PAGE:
“I wouldn’t want to be a young person today.”


So said my aunt yesterday while we were discussing the various events currently going on in my life. I’m not too keen with being an under-30 in the UK either. It’s not exactly a pleasant experience, and sure there are worse ways to be, lived by millions the world over, but what does it mean when a country that has the means to cut the crap, doesn’t cut the crap?

Last week, I read about how by something like 2025, over a third of the country will never be able to own their own home. I read how the private rental market is slowly becoming a new form of serfdom for tenants in one of the most unregulated rental markets in Europe.

As someone who’s looking to enter the private rental market as a tenant, the above doesn’t really feel me with joy.

Then, yesterday morning, on the BBC’s Sunday Morning Live, there was a debate about whether rich people are being demonised in the media at the moment. The debate was ridiculous. Briefly touching on the fact that the disabled, unemployed and benefits recipients were far more demonised than the rich in today’s media – there was one thing they didn’t touch on at all:

The rich are only rich mainly because of the hard work of others.

So we have legions of young people being forced into retail jobs that are only there to make rich people richer. Retail hasn’t been a decent career option for years. It’s okay as a stop gap for cash needs, but there are no real long term prospects.

And that’s the problem – there’s no real long term prospects in the UK for people who aren’t already from a wealthy background or got a first and the experience needed to go into the sciences or banking.

But perhaps the one thing that really peeved me off about the situation of “young people” in the UK in the past week, was the fallout from the experiences of some on the Work Programme and apprentices who were made stewards as part of the Jubilee celebrations. Some of the worst sentiments were expressed by radio show host Jeremy Vine on Wednesday last week as the debacle was debated.

Apart from Vine, and a lot of other people, seemingly incapable of understanding that the Work Programme doesn’t tend to pay out at minimum wage levels when you do work while on it; that apprenticeship rates don’t allow for participants to really earn a living wage while learning – there was one other thing they ignored. What did they decide to ignore? How about the existence of workers’ rights. Things like rights to decency and access to toilets.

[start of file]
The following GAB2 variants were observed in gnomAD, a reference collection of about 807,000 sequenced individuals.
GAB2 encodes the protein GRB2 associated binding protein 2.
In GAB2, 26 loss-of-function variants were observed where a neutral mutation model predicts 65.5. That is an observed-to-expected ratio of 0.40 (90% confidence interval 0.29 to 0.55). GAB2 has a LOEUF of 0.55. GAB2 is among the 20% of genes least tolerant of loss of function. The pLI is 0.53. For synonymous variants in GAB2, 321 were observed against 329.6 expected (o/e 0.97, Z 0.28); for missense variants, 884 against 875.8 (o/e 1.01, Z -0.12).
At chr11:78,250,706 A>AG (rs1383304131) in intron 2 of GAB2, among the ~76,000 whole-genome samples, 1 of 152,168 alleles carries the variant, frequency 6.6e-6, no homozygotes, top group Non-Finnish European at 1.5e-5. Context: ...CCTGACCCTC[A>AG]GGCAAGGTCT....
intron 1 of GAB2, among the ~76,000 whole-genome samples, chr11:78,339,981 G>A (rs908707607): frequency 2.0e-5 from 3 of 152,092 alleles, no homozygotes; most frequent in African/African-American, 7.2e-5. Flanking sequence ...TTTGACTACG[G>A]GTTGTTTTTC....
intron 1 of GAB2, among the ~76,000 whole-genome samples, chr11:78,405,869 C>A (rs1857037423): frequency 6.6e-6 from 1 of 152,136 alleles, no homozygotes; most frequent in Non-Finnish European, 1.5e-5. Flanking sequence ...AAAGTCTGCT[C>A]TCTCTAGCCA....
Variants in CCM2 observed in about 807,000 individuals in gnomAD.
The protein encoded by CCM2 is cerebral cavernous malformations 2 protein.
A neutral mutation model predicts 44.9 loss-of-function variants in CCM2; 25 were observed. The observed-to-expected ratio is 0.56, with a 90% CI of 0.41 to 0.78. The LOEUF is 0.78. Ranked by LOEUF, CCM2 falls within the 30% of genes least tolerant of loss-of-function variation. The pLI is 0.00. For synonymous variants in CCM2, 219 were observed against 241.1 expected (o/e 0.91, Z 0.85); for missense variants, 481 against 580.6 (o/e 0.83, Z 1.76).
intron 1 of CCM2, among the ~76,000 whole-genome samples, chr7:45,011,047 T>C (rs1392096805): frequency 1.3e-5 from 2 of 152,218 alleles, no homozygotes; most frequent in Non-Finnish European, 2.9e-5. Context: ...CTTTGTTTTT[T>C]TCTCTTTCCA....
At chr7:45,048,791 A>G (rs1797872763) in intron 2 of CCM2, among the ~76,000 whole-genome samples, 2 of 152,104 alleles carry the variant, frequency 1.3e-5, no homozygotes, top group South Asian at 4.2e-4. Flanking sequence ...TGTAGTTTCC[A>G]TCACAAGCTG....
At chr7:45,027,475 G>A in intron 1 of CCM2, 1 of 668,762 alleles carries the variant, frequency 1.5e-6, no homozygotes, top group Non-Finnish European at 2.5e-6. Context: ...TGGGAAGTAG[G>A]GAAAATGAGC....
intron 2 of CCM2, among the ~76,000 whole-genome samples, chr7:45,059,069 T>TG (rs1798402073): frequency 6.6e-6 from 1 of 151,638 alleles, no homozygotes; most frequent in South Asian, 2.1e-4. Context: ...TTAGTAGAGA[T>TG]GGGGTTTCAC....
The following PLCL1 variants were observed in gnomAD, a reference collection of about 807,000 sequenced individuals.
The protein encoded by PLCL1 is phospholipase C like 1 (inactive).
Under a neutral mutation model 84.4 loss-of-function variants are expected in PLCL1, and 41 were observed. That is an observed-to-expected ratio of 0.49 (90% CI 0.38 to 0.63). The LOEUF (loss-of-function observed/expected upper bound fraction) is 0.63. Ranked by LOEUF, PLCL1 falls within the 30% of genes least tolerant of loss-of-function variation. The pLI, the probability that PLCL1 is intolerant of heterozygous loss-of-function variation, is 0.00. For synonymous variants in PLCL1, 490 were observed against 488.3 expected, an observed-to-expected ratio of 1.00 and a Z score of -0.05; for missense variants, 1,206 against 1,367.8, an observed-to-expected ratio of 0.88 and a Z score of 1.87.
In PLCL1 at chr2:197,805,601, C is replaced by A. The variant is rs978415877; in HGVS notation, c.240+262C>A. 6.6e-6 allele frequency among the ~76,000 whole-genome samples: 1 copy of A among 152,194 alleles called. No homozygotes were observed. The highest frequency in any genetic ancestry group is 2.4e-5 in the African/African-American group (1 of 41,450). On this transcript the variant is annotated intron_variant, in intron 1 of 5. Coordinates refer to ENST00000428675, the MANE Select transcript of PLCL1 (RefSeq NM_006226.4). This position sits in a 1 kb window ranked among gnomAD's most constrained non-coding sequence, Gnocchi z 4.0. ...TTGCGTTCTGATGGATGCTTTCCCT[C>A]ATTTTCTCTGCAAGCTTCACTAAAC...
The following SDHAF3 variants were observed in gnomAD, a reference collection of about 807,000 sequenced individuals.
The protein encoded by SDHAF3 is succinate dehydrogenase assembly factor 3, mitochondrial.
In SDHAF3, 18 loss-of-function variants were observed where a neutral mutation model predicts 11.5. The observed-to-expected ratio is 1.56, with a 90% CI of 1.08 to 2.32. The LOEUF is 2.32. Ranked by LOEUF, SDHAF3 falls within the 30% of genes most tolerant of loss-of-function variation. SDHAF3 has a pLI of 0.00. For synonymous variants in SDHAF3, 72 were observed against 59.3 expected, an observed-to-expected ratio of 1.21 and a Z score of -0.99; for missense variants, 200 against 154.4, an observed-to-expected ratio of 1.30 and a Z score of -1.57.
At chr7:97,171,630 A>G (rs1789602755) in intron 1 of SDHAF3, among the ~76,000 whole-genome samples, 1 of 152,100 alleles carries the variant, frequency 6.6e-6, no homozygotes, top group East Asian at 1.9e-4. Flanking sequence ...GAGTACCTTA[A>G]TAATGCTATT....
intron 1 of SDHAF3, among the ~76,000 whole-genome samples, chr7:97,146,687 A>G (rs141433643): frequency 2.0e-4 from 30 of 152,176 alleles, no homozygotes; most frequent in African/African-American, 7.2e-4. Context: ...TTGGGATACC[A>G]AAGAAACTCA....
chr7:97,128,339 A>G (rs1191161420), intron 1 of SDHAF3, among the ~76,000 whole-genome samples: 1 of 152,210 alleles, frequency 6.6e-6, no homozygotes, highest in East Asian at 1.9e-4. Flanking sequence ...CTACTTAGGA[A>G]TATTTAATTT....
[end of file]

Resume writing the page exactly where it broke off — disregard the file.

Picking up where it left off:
Rights that the Work Programme participants had ignored by their supervisors. I couldn’t believe the audacity of people saying that these young people needed to learn what to expect in a work environment. For f**k’s sake, in a work environment you expect access to toilet facilities. If I was treated the way these people were, I’d be having second thoughts about being in that job.

Perhaps the stupidest and most willfully ignorant comment to come out of Vine’s “debate” was when it was said that soldiers in World War Two wouldn’t have complained about being two hours early. Something Vine repeated throughout the show.

Err, excuse me, but if I had been a soldier in WW2, hitting up a DZ two hours before we were meant to be be there, due to some kind of oversight, I’d have been sh***ing my pants  while waiting and hoping to be not be killed by the enemy that we probably no longer had the drop on. Or I would have been rather dead, because turning up two hours early in a war zone can be a great way to get yourself killed.



One thought on ““I wouldn’t want to be a young person today.”

  1. I think we need to give you a webshow where you take on bigots like Vine.

    Overall, I think people need to stop using generalisations to judge entire groups of people based on what the media says (either explicitly or implicitly) about them.

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